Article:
Previously, we have seen a localization method based on

particles that have a three-dimensional state of x, y, and eo.

This captures a ground robot.

However, when not constrained to the ground,

a post has six degrees of freedom which requires exponentially more

points to be sampled in order to produce reasonable registration performance.

Instead of relying on particles, we can use a direct optimization

to find the registration between our measurements and the map.

After reviewing what we have learned in the previous weeks,

I will introduce the ICP, Iterative Closest Point algorithm,

as well as odometry for three dimensional localization.

Let us start with a brief review of the expectation maximization

algorithm from week one.

We have seen that this algorithm is useful for complicated optimizations,

such as the gaussian mixture model parameter estimation problem.

With the introduction of an initial guess coupled with the latent variable,

usually expressing membership.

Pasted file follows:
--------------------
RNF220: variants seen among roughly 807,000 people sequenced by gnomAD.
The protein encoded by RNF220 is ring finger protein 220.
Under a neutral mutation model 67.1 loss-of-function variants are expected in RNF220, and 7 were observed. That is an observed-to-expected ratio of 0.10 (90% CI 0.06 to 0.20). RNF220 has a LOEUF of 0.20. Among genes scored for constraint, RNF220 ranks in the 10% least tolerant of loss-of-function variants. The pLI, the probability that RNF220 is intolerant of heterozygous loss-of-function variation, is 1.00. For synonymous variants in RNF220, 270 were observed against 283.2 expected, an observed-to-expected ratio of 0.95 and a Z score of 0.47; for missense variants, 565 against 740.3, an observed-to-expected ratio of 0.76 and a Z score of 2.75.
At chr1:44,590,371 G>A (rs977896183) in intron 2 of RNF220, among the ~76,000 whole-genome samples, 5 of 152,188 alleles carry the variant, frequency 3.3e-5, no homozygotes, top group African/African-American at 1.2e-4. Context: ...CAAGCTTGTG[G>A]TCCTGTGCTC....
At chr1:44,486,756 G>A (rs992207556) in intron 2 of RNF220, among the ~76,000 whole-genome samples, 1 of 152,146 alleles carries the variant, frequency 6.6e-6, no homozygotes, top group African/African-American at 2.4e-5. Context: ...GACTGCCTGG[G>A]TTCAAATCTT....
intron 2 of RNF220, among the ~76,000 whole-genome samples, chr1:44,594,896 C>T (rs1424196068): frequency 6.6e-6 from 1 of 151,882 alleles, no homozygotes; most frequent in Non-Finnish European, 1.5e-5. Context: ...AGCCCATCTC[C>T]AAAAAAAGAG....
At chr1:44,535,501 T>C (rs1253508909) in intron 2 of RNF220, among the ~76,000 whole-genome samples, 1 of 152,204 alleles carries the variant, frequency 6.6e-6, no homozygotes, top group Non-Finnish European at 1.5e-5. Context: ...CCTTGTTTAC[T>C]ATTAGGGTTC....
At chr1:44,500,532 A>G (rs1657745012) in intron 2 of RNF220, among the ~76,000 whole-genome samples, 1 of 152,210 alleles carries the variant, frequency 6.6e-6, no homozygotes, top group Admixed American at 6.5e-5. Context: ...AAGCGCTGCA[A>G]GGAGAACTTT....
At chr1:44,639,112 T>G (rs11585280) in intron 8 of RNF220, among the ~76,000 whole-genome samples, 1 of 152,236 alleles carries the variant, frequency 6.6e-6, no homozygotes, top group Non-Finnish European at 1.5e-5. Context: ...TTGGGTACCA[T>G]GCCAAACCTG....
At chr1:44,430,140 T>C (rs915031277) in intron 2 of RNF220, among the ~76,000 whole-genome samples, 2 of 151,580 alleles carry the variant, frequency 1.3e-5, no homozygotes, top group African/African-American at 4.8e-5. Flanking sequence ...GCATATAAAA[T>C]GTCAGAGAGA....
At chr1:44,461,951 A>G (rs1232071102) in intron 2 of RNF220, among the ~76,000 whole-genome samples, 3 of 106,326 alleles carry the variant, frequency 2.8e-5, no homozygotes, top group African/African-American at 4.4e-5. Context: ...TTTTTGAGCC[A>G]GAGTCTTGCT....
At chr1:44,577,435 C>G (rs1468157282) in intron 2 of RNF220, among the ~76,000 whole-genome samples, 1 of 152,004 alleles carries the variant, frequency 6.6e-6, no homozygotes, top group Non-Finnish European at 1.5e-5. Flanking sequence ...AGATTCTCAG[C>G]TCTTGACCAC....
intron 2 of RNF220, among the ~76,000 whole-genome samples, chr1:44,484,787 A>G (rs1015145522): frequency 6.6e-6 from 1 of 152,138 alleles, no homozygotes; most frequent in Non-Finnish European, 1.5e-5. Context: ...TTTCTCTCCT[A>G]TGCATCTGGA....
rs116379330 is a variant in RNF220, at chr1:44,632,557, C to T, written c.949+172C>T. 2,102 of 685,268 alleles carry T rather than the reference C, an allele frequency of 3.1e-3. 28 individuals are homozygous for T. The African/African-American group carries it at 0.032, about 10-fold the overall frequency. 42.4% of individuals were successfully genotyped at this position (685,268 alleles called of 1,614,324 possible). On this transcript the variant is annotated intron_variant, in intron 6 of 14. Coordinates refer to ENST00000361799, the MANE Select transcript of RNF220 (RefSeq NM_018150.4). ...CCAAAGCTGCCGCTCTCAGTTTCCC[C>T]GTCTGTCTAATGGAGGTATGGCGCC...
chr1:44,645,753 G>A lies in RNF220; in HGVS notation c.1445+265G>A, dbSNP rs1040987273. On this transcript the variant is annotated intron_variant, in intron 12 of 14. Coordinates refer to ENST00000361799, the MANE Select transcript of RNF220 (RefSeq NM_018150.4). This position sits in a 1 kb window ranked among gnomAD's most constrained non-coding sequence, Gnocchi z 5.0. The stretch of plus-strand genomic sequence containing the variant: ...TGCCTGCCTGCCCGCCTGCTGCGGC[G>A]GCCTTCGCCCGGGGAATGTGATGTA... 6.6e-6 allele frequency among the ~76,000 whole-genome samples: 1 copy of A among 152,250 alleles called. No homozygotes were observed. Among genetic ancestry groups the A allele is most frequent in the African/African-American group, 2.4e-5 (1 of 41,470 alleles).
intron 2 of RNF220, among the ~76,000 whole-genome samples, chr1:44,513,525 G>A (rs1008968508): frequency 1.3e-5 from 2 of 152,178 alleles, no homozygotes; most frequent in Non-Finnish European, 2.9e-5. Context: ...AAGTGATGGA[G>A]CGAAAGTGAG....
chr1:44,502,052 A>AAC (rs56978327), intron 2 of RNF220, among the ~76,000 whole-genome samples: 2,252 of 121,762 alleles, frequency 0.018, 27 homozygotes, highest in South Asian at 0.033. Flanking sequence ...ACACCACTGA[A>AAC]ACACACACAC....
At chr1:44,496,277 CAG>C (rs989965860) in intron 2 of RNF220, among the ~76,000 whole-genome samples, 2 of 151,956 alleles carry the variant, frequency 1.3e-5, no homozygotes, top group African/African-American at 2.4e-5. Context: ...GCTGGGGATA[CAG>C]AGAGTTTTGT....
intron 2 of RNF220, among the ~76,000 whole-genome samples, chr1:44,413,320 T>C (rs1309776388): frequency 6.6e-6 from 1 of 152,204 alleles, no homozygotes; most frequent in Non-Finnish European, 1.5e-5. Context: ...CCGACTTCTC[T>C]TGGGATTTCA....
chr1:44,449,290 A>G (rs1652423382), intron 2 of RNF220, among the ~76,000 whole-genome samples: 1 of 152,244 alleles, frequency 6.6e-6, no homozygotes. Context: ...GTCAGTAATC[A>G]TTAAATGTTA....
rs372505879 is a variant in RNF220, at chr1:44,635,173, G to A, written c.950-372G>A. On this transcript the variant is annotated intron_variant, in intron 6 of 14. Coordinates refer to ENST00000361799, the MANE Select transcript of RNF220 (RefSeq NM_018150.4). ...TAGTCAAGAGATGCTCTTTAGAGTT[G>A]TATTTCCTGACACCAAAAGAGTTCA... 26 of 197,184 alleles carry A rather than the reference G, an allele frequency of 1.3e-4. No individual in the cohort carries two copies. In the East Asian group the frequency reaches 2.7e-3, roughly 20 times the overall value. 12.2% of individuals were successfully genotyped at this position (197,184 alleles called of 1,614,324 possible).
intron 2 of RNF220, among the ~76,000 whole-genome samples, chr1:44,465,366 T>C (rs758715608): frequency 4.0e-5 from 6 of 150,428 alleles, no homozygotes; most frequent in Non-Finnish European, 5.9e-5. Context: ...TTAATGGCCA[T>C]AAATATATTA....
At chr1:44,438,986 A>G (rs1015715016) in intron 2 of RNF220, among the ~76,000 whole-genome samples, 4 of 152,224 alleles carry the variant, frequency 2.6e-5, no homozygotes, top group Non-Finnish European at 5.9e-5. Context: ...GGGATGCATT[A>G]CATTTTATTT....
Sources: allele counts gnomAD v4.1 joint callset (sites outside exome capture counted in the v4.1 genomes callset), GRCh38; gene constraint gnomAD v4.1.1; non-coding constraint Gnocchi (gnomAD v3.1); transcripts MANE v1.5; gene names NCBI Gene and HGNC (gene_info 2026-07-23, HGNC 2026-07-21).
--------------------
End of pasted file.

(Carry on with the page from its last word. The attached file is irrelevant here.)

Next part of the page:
We are able to obtain a local optimal solution for a given problem.

We will shortly see that the iterative closest point algorithm

works in the same fashion.

What we learned in week 3 is as follows.

First we observe a 3D point cloud from 3D sensors.

This figure shows an example from a depth camera.

A 3D map is usually represented as a tree structure instead of as a full grid

as done in two dimensions.

This is in order to have efficient means.

The map can keep the full precision of point location.

Due to the special organization, we can speed up the finding

of the closest point to a given point in each map update.

Now we will look at this in detail, we have two sets of points,

one of them is a point cloud as a measurement and

the other is a point cloud of the map model.